Four Helpful Steps When Preparing for a Physical Therapy Job
October 17th, 2017
As you are embark on your journey through physical therapy (PT) school and beyond, it’s important that you’ve set long term goals in relation to your career. Remember that this is an important time in your life where preparation is key in order to land your dream physical therapy job. You may find yourself asking the question, what should I be doing now to put me ahead of my fellow classmates and other candidates?
Read our steps below and what to consider when preparing for your ultimate goal, a physical therapy job.
1. Before PT School
Taking a step back, as an undergrad, you should be researching PT schools you’re interested in attending and prerequisites you need to complete and get good grades in. Typical prerequisites include: anatomy, biology, chemistry, statistics, algebra/trigonometry and physiology. Also consider a bachelor’s degree in health science, biology or physical education.
In addition, you’ll also need to get around 20-40 hours of observation in physical therapy settings you’re interested in (hospitals, clinics, etc.). Pick around 5-6 work environments to get observation hours. This is a great way to see what environments you like better than others.
Other things to consider when applying to PT school are preparing and taking the GRE and writing the application essays. Apply early to PT schools, talk with peers in PT school for additional advice and tour potential schools if you can.
2. While in PT School
At PT school, you’ll not only be working on your Doctor of Physical Therapy (DPT) but also preparing for the National Physical Therapy Examination (NPTE). It’s often helpful to prepare for the exam while you’re in “school mode” as it’s easier to apply what you’re currently learning to the exam. Plan on taking the exam after graduation.
The school/program you attend must also be CAPTE (Commission on Accreditation in Physical Therapy Education) certified in order to practice physical therapy down the road. Most programs take three years to complete, however some are a little less than that.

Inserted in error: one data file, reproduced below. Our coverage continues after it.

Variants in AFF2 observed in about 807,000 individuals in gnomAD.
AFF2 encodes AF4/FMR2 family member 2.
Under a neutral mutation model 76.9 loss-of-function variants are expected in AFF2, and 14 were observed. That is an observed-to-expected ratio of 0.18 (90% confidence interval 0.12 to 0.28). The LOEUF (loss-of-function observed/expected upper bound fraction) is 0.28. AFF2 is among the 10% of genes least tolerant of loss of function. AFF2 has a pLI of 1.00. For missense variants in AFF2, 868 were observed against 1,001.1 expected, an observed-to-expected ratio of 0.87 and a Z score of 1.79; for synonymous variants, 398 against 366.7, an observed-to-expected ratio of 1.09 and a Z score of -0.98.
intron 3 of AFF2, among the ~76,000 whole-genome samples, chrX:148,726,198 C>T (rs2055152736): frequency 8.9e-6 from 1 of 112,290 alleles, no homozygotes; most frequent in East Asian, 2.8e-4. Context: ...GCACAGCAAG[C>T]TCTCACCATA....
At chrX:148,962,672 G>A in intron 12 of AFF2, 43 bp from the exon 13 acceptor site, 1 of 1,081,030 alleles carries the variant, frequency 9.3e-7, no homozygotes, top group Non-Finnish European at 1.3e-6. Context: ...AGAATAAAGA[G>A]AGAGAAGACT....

Lastly, on top of your education, be ready to again gain additional clinical experience with rotations in various physical therapy settings. Unlike you’re observational hours, you’ll get the experience and exposure and have a better understanding of what career you want to pursue after graduation and exams. Also, take the time to decide if you want additional training or are interested in completing a residency program after your graduate.
3. After PT School
After you graduate, you’ll next need to take and pass the NPTE that is administered by Federation of State Boards of Physical Therapy. This is how you’ll obtain your PT or PTA license. The test consists of 250 multiple-choice questions. Depending on where you take the exam, some state requirements also include a law exam and a criminal background check.
Keep in mind that in order to maintain your license you’ll need to meet the continuing education requirements every 1 or 2 years. As such, it’s vital that you stay up-to-date on current standards and care within the profession.
Before applying for a job, you may want to gain additional experience or become specialized in an area of physical therapy. You can do this through either a residency or fellowship. This typically lasts a year and can help you get all the necessary clinical hours needed to earn certification from the American Board of Physical Therapy Specialties.
4. Job Hunt
Once you’ve sent in applications it’s important that you research the hospitals/clinics and the departments that you would work in. Be sure to also prepare for the interview by practicing your answers and bring questions of your own to the interview. Be confident and don’t sell yourself short. Remember that all of your hard work will lead to a great career!
Again, as you go through the PT journey, make goals and don’t be afraid to change them when you discover what you are truly passionate about. And don’t forget to have fun! You’ll meet and learn from incredible people along the way and throughout your career.